One new exercise for me and Yeats was a 10 m volte in canter with an outside bend. This exercise was difficult for Yeats so I had to really ask for it. Since my small hand and weight aids were not enough to convince him to do a 10 m volte I had to be clearer by opening the left rein wider and tapping with the whip on the right shoulder. Yeats responded nicely, but in order to be able to do the smaller volte he raised his head and neck so he could use the wonderful balancing pole that the neck and head is. This is of course perfectly fine. I will continue to allow him to raise his neck until he is strong enough and coordinated enough so he doesn't have to use the neck and head to stay on the 10 m volte in canter. At this point I can ask him to stay round in the neck with flexion of the jaw and the poll.

Yielding of the jaw
Yeats is yielding the jaw, i.e. he is moving the lower jaw now and then. He could do this more often, so this is one of the things I should improve upon. If you have ever felt the difference between riding a horse with a soft, yielding jaw and one that does not have it you know why it is so important. Suppleness and lightness to the hand start with the yielding of the jaw!

Thanks to Mark Stanton of Horsemanship Magazine for checking my spelling and grammar! All other errors are my own.

Thursday, 12 April 2012

To perceive what's really there

Most horse magazines have instructive articles in order to educate their readers - and I think that's ok. But if the intention is to educate then I think editors have to raise the standard for the pictures they present in the articles!

The picture goes over the center of the magazine so the thigh and hand disappears in the folding but it is still possible to see what I am going to point put.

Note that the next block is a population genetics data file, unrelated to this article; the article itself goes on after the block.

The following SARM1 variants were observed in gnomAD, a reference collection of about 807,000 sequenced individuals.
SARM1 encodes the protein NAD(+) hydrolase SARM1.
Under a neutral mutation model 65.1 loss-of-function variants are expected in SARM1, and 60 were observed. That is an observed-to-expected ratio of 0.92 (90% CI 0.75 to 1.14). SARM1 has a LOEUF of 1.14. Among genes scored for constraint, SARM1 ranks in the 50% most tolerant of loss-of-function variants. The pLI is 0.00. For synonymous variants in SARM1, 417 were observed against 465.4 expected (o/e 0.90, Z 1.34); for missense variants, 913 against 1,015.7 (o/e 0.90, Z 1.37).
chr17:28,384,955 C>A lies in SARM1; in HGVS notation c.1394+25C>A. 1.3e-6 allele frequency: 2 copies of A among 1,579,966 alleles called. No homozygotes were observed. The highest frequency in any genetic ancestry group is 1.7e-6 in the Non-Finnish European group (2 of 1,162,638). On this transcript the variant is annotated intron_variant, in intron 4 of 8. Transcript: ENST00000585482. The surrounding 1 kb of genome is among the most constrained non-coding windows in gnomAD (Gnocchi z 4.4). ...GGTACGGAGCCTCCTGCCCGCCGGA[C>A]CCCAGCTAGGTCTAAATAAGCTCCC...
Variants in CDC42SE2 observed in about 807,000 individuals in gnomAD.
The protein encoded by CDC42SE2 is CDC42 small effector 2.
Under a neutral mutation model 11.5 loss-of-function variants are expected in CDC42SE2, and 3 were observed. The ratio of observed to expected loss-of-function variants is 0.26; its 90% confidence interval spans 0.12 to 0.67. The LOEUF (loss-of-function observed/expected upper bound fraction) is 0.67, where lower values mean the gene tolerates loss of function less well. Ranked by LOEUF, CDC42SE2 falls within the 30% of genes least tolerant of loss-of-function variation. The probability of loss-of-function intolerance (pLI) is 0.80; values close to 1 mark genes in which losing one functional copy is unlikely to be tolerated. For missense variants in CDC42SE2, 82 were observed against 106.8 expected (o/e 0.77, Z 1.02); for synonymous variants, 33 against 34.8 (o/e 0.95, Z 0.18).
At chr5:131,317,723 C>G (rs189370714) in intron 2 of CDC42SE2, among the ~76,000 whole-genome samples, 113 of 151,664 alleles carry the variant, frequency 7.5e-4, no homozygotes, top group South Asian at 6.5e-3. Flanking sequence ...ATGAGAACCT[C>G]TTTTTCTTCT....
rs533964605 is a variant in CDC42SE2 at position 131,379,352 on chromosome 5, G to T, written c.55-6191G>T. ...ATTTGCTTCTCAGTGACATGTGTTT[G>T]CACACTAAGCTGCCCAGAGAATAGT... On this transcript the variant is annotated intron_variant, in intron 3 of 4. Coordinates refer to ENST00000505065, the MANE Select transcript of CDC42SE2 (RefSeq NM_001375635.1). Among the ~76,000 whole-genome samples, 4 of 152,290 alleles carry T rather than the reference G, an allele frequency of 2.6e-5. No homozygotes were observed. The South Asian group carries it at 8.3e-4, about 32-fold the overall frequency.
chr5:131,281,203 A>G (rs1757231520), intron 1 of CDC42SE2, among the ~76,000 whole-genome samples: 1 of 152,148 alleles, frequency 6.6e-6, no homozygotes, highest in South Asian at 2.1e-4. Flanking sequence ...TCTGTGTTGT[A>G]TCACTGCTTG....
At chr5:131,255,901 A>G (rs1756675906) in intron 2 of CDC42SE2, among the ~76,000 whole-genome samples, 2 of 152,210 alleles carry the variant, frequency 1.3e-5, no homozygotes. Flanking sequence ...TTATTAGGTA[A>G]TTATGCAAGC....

First we have the rider. She is collapsing in her right side, keeps her eyes on the horse's ear, her wrist is turned in such a way that she puts pressure on the bit, her hip joint is locked and that results in a raised knee and heel.

Then there's the horse. The neck is over bent with the third cervical vertebra as the highest point, the rider's "contact" via the reins pulls the bit out of the mouth and it both pinches the lower jaw and deforms the corner of the mouth (if it is a regular snaffle, it has folded in the horse's mouth and is pressing on the palate), the glands in the junction between cheek and troath is badly crushed, the airways are restricted and the tongue is coming out of his mouth.

We humans are visually oriented creatures, what we see shapes our perception of reality and thus our perception of what is right and normal. That is why pictures are so important (good pictures that is!) which leaves us with good role models and educates us to see and recognize quality in both our own and others riding.

"A horse can lend its rider the speed and strength he or she lacks - and if the rider is wise it is never forgotten that it is just a loan."